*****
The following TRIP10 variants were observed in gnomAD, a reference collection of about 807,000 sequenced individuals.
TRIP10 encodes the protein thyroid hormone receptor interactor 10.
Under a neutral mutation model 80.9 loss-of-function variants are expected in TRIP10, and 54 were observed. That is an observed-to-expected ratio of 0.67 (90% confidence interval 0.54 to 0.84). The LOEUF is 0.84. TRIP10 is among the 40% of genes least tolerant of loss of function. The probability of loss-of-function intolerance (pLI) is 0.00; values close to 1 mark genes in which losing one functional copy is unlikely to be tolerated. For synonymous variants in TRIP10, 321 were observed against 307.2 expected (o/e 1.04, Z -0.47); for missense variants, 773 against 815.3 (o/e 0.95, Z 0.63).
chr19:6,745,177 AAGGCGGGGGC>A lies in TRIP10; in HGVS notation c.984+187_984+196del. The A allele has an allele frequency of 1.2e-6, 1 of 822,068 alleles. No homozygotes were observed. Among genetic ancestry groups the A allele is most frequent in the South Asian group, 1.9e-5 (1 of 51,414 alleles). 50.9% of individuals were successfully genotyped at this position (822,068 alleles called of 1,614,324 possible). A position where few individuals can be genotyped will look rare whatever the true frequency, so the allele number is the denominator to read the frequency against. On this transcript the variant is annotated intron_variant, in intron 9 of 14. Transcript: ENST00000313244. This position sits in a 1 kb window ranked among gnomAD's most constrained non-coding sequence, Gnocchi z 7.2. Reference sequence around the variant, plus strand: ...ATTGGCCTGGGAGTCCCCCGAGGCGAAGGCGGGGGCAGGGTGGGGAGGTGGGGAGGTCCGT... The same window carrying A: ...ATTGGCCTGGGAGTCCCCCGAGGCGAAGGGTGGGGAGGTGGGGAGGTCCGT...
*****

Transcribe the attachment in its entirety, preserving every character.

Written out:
The following TRIP10 variants were observed in gnomAD, a reference collection of about 807,000 sequenced individuals.
TRIP10 encodes the protein thyroid hormone receptor interactor 10.
Under a neutral mutation model 80.9 loss-of-function variants are expected in TRIP10, and 54 were observed. That is an observed-to-expected ratio of 0.67 (90% confidence interval 0.54 to 0.84). The LOEUF is 0.84. TRIP10 is among the 40% of genes least tolerant of loss of function. The probability of loss-of-function intolerance (pLI) is 0.00; values close to 1 mark genes in which losing one functional copy is unlikely to be tolerated. For synonymous variants in TRIP10, 321 were observed against 307.2 expected (o/e 1.04, Z -0.47); for missense variants, 773 against 815.3 (o/e 0.95, Z 0.63).
chr19:6,745,177 AAGGCGGGGGC>A lies in TRIP10; in HGVS notation c.984+187_984+196del. The A allele has an allele frequency of 1.2e-6, 1 of 822,068 alleles. No homozygotes were observed. Among genetic ancestry groups the A allele is most frequent in the South Asian group, 1.9e-5 (1 of 51,414 alleles). 50.9% of individuals were successfully genotyped at this position (822,068 alleles called of 1,614,324 possible). A position where few individuals can be genotyped will look rare whatever the true frequency, so the allele number is the denominator to read the frequency against. On this transcript the variant is annotated intron_variant, in intron 9 of 14. Transcript: ENST00000313244. This position sits in a 1 kb window ranked among gnomAD's most constrained non-coding sequence, Gnocchi z 7.2. Reference sequence around the variant, plus strand: ...ATTGGCCTGGGAGTCCCCCGAGGCGAAGGCGGGGGCAGGGTGGGGAGGTGGGGAGGTCCGT... The same window carrying A: ...ATTGGCCTGGGAGTCCCCCGAGGCGAAGGGTGGGGAGGTGGGGAGGTCCGT...